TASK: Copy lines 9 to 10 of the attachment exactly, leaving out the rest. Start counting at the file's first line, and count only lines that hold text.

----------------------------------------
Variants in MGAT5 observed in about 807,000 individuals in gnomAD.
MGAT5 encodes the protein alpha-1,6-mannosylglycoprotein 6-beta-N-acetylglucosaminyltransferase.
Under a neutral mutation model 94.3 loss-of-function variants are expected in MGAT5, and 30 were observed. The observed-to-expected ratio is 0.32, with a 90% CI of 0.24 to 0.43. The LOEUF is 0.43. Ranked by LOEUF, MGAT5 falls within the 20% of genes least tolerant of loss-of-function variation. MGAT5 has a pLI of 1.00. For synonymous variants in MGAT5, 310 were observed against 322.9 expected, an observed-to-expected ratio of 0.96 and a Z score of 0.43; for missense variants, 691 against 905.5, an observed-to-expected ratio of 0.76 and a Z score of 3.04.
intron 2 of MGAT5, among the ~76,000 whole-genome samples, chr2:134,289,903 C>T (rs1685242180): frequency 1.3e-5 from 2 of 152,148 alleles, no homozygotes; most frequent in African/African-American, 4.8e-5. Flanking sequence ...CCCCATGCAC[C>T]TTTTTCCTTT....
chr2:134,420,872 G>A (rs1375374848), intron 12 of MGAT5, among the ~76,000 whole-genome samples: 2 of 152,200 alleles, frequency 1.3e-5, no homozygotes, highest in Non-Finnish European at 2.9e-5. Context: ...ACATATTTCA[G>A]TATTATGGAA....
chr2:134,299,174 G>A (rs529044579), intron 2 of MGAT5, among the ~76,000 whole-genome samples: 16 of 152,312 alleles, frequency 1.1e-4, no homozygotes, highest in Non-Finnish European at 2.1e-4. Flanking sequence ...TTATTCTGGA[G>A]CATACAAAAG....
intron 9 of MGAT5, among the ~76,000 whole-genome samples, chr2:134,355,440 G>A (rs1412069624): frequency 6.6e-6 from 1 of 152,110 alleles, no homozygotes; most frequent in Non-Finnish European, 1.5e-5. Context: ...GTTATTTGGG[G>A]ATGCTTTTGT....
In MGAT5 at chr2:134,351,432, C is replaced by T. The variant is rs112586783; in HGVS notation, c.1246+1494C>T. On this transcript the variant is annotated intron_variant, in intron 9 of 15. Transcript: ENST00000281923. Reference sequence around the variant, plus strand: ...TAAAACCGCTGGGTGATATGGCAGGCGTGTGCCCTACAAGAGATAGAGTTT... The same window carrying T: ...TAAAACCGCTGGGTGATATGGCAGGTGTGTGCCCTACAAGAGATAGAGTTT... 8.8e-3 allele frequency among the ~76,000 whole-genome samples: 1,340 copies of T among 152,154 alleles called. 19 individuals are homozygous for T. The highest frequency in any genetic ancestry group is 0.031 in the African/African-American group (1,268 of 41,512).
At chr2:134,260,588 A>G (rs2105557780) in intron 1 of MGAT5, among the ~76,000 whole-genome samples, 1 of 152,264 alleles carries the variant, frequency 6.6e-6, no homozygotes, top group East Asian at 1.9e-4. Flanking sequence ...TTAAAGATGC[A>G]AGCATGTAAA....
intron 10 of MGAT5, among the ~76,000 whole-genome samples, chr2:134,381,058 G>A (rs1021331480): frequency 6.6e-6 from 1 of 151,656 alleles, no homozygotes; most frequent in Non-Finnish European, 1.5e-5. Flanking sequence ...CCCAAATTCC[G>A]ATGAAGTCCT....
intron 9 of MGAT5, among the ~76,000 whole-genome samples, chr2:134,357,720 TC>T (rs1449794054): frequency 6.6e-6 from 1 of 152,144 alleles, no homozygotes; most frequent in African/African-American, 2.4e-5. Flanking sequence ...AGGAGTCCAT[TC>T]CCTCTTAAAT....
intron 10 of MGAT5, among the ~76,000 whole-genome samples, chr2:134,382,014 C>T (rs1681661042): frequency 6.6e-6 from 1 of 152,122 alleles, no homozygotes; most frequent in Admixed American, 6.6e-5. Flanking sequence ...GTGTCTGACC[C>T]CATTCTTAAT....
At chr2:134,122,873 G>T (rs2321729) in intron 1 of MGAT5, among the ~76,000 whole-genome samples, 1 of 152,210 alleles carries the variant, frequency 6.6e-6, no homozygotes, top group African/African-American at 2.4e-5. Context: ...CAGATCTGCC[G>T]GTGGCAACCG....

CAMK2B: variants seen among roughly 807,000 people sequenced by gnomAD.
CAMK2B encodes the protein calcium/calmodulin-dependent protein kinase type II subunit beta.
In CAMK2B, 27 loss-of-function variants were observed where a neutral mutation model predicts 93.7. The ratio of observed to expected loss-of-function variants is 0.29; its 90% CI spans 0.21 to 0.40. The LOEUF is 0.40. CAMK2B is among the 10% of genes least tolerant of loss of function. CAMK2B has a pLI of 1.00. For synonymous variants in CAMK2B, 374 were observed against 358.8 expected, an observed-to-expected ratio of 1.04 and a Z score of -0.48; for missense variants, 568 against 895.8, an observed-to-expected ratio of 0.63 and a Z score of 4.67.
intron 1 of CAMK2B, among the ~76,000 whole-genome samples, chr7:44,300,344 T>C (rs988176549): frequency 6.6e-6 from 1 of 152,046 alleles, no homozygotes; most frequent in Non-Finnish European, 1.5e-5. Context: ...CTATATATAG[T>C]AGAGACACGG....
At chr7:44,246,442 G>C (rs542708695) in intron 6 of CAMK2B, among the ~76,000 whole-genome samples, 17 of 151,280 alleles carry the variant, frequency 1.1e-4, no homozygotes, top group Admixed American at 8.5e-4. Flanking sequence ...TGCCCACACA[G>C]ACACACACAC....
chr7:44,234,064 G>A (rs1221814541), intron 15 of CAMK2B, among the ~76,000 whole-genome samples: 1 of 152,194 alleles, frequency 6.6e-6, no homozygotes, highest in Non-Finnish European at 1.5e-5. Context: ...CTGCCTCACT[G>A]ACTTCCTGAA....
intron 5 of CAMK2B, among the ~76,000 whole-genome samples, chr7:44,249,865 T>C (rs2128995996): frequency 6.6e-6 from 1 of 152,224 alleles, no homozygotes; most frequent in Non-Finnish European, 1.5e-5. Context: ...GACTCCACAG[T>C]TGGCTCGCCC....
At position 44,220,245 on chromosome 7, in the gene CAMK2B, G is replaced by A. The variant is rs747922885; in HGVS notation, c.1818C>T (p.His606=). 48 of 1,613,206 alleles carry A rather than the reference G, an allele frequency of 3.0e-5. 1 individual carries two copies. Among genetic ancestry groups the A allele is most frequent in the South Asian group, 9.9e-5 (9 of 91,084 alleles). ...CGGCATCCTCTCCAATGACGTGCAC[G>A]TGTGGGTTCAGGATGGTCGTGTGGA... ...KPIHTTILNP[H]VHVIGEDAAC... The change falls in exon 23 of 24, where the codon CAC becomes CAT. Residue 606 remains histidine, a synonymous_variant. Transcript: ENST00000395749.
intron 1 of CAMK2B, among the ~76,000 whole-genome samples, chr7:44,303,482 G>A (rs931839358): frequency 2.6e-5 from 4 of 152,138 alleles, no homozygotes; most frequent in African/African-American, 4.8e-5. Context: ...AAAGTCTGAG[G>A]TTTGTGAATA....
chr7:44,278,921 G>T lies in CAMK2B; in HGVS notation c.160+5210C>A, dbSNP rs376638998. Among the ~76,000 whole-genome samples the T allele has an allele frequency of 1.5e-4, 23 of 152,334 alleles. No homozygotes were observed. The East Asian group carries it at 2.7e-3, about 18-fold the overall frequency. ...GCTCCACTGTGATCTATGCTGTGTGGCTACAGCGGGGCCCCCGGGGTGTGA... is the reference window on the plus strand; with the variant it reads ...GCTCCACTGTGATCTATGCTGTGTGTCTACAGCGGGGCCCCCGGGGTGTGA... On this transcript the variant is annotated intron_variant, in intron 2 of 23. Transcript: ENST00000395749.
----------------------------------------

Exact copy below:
At chr2:134,260,588 A>G (rs2105557780) in intron 1 of MGAT5, among the ~76,000 whole-genome samples, 1 of 152,264 alleles carries the variant, frequency 6.6e-6, no homozygotes, top group East Asian at 1.9e-4. Flanking sequence ...TTAAAGATGC[A>G]AGCATGTAAA....
intron 10 of MGAT5, among the ~76,000 whole-genome samples, chr2:134,381,058 G>A (rs1021331480): frequency 6.6e-6 from 1 of 151,656 alleles, no homozygotes; most frequent in Non-Finnish European, 1.5e-5. Flanking sequence ...CCCAAATTCC[G>A]ATGAAGTCCT....